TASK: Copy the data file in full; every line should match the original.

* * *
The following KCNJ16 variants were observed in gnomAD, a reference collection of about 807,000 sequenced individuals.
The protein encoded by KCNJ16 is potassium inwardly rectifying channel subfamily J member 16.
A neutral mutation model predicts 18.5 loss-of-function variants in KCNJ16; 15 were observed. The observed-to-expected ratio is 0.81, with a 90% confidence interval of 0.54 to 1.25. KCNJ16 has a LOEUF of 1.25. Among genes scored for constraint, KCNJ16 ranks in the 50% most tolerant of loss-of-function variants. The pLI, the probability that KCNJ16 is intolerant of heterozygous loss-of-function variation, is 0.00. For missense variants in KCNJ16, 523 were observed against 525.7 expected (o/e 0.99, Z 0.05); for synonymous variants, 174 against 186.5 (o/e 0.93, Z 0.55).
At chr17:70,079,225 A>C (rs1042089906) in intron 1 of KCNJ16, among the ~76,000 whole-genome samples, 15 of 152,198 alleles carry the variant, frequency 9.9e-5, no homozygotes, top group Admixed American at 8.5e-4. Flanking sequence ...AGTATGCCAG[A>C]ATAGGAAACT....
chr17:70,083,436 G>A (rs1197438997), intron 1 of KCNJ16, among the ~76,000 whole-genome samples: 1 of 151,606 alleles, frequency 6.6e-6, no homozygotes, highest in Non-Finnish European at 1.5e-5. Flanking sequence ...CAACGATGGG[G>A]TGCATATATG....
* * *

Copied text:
The following KCNJ16 variants were observed in gnomAD, a reference collection of about 807,000 sequenced individuals.
The protein encoded by KCNJ16 is potassium inwardly rectifying channel subfamily J member 16.
A neutral mutation model predicts 18.5 loss-of-function variants in KCNJ16; 15 were observed. The observed-to-expected ratio is 0.81, with a 90% confidence interval of 0.54 to 1.25. KCNJ16 has a LOEUF of 1.25. Among genes scored for constraint, KCNJ16 ranks in the 50% most tolerant of loss-of-function variants. The pLI, the probability that KCNJ16 is intolerant of heterozygous loss-of-function variation, is 0.00. For missense variants in KCNJ16, 523 were observed against 525.7 expected (o/e 0.99, Z 0.05); for synonymous variants, 174 against 186.5 (o/e 0.93, Z 0.55).
At chr17:70,079,225 A>C (rs1042089906) in intron 1 of KCNJ16, among the ~76,000 whole-genome samples, 15 of 152,198 alleles carry the variant, frequency 9.9e-5, no homozygotes, top group Admixed American at 8.5e-4. Flanking sequence ...AGTATGCCAG[A>C]ATAGGAAACT....
chr17:70,083,436 G>A (rs1197438997), intron 1 of KCNJ16, among the ~76,000 whole-genome samples: 1 of 151,606 alleles, frequency 6.6e-6, no homozygotes, highest in Non-Finnish European at 1.5e-5. Flanking sequence ...CAACGATGGG[G>A]TGCATATATG....